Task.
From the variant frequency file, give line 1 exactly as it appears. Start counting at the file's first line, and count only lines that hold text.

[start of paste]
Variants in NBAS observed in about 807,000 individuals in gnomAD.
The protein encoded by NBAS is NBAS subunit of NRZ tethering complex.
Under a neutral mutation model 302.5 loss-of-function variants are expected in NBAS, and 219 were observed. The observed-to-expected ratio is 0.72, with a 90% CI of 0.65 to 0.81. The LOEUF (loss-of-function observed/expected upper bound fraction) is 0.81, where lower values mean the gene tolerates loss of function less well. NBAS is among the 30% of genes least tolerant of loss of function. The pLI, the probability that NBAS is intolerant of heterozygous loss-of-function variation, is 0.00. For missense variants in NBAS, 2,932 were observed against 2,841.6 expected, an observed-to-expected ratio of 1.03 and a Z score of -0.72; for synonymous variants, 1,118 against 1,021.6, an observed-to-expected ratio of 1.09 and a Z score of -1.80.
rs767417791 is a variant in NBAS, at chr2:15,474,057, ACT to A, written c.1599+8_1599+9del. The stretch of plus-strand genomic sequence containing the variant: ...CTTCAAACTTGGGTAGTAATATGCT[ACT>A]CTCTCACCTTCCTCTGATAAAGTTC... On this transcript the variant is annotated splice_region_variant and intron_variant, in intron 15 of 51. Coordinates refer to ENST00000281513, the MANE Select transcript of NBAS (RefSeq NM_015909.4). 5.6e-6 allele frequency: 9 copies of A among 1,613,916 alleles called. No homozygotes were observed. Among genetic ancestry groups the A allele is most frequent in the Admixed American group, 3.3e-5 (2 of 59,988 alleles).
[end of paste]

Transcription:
Variants in NBAS observed in about 807,000 individuals in gnomAD.